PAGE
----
Who’s Tampering With The Trinity?

I’ve finished evangelical theologian Millard Erickson’s book about the subordinationist debate in the Church, and I recommend it highly — perhaps more so than any other book on theology I’ve ever read, with the exception of the entire Oxford Women’s Study Bible. Erickson, considered one of the Church’s pre-eminent Old and New Testament scholars, has an even-handedness that not only kept his verdict veiled until more than two-thirds of the way through the book, but doesn’t reveal at all whether he’s a complementarian or an egalitarian.

Whether he believes that the Scriptures teach the functional, permanent subordination of women to men in home, Church, and society (complementarian) or sees that positions in the Church and home are open equally to women and men based on Spirit-given and other gifts (egalitarian), is significant here, and I still don’t know which side he’s on. But what does the debate about how Jesus relates to God have to do with whether or not a woman can legitimately be named pastor of a church?

The subordinationist debate involves a disagreement about the nature of the Trinity and the relationships of the Persons within it, with some evangelicals believing that the Bible teaches that Jesus occupies an eternal, permanent, functionally subordinate role to the Father — and not just in his Incarnation — while others insist that the Bible demonstrates that Father, Son, and Holy Spirit are eternally, functionally, unchangeably equal in authority, only with Jesus voluntarily giving up the prerogatives of Deity while on the Earth in bodily form.

Th former veers perilously close to the Arian heresy that prompted the Athanasian Creed some sixteen centuries ago. The belief that the Father-Son designation in the Trinity is literal, such that the Father is the “supreme authority” in the Trinity and the Son submits to him as Anthony does to Jeff, is a terrible misunderstanding of the nature, purpose, and unity of the Godhead. Where it becomes utterly pernicious is when today’s subordinationists, virtually all of whom are rabid complementarians, attempt to justify women’s permanent, functional subordination to men by comparing their role to that of Christ’s — ontologically equal (in essence), but functionally non-equal (in role). It’s an example of the maxim that bad theology leads to bad practice, and in this case, “bad practice” means a tragic manipulation of Scripture to accommodate the need some have to make sure that women serve, or are prohibited from serving, on the basis of gender, not gifting.

This is why it’s especially significant that after reading “Who’s Tampering,” I still have no idea if Erickson is a complementarian. As a matter of fact, I suspect he probably is, as I’ve never seen his name alongside other prominent egalitarians like Keener, Clark-Kroeger, Bilezikian, Groothuis, Fee, Stackhouse and Gaebelin-Hull. But he knows doctrinal error when he sees it, and while he doesn’t conclude that subordinationists are Arian and thus heretics, he does — forcefully and clearly — demonstrate that seeing a chain of command of authority in the Trinity is not only un-Biblical, but fraught with danger.

It could easily lead, he argues, to the modern-day Arianism of the Jehovah’s Witnesses that suggests that while Jesus is God, he’s a lesser god, or a created god, or a god-different-in-essence god, than God, the Father Almighty. Further, the complementarian accommodation of subordinationism sets a very bad precedent. The integrity of the Trinity and of evangelical Christianity’s understanding thereof is far too important to have it succumb to the literalism of the Father-Son relationship or the expediency of its supposed parallel to gender relations between people. Echoing the concerns of Australian theologian and Anglican Vicar Kevin Giles, Erickson begs the subordinationists to turn back. The road they’re on, both men agree, leads somewhere entirely un-Biblical and utterly devastating to the believer’s, and the world’s, understanding of the Triune God.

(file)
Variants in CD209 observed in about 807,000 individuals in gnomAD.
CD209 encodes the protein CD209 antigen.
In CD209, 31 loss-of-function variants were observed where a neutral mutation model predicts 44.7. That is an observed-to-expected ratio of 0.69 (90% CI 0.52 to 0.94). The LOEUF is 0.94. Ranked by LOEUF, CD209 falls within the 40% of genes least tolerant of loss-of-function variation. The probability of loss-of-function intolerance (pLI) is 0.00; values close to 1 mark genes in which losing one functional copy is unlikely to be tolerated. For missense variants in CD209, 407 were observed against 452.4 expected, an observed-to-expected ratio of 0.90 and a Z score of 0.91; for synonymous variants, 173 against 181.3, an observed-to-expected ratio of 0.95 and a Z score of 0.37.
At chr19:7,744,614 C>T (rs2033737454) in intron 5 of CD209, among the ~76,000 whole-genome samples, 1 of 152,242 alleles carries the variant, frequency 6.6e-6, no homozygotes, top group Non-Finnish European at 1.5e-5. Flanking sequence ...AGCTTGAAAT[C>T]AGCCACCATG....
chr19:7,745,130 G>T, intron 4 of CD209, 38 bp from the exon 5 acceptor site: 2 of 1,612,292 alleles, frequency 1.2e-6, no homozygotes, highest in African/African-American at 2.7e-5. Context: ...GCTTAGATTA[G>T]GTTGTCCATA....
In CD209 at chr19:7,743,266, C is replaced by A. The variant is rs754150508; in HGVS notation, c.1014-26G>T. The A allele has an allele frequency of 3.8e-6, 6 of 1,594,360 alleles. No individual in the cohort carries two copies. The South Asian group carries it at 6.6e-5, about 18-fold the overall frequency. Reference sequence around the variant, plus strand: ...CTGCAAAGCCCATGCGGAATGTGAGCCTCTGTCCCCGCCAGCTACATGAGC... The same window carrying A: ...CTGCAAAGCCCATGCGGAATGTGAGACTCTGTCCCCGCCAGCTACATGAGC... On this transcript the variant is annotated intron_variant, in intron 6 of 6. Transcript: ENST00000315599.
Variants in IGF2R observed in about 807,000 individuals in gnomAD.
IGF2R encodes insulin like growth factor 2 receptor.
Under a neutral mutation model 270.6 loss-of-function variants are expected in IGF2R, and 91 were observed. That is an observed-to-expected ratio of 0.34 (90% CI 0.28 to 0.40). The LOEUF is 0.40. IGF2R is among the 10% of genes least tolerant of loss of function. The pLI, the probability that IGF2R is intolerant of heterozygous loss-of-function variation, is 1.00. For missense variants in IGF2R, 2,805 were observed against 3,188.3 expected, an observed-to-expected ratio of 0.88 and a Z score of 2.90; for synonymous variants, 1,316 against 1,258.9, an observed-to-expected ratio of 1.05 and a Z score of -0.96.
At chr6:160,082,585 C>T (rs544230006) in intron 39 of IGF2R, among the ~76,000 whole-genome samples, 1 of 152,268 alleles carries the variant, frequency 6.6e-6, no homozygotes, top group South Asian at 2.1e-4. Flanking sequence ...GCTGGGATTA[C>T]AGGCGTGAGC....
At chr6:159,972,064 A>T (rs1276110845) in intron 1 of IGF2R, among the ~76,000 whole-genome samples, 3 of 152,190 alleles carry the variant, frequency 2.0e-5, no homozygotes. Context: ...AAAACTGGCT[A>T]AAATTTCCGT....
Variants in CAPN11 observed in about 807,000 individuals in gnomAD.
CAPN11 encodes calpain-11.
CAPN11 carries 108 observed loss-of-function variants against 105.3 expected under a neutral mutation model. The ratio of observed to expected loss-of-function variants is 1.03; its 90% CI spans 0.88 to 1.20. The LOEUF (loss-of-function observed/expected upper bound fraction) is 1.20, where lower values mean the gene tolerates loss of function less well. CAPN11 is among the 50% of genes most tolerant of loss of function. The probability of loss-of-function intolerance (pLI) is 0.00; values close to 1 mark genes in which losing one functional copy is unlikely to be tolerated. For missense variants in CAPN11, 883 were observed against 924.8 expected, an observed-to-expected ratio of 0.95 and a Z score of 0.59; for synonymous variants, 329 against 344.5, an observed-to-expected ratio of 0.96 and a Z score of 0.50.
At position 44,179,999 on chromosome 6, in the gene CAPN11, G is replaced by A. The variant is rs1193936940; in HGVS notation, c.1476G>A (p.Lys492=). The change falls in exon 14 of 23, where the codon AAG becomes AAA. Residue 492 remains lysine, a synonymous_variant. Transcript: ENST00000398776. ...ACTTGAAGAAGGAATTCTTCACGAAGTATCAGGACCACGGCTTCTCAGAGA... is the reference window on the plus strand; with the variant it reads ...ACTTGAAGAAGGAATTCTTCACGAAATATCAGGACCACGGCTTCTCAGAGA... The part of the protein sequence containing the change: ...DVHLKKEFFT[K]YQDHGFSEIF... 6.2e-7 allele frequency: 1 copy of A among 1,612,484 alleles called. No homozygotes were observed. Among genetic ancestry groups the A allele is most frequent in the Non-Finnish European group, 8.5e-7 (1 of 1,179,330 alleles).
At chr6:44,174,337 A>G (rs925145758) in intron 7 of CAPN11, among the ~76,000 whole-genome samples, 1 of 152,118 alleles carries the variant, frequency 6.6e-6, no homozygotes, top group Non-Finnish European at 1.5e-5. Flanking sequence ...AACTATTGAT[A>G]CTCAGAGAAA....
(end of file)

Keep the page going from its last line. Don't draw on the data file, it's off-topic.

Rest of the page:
I would be eager to discuss this with some of our local complementarians, particularly those who sit at the feet of Doug Wilson and Peter Leithart. Both men are devout Trinitarians; it would be impossible, I imagine, to overstate the importance both ascribe to the Godhead, and Leithart even more than Wilson has gained prominence in evangelical circles for his work on the Trinity. And while I vehemently disagree with Federal Vision theology, even in its application to the Trinity, I don’t know if these men are subordinationists or not.

In other words, I know that Kirk leadership, to a man, is convinced that God has ordained certain and specific, immutable and inimitable, roles for women and men — and that those of those roles involving leadership, teaching, and authority over mixed groups or men cannot extend to women. What I’d like to know is if these scholars see the object of all of our Christian love and devotion — the Trinity — as the primary example of the administration of those varied roles, which, as it turns out, never vary in the placing of men over women, regardless of the innumerable ways our God has gifted them both. I truly hope that Wilson, Leithart, et al, someday shed their complementarianism, knowing that that will only ever be possible if it isn’t grounded in a wrongful view of the Trinity in the first place.

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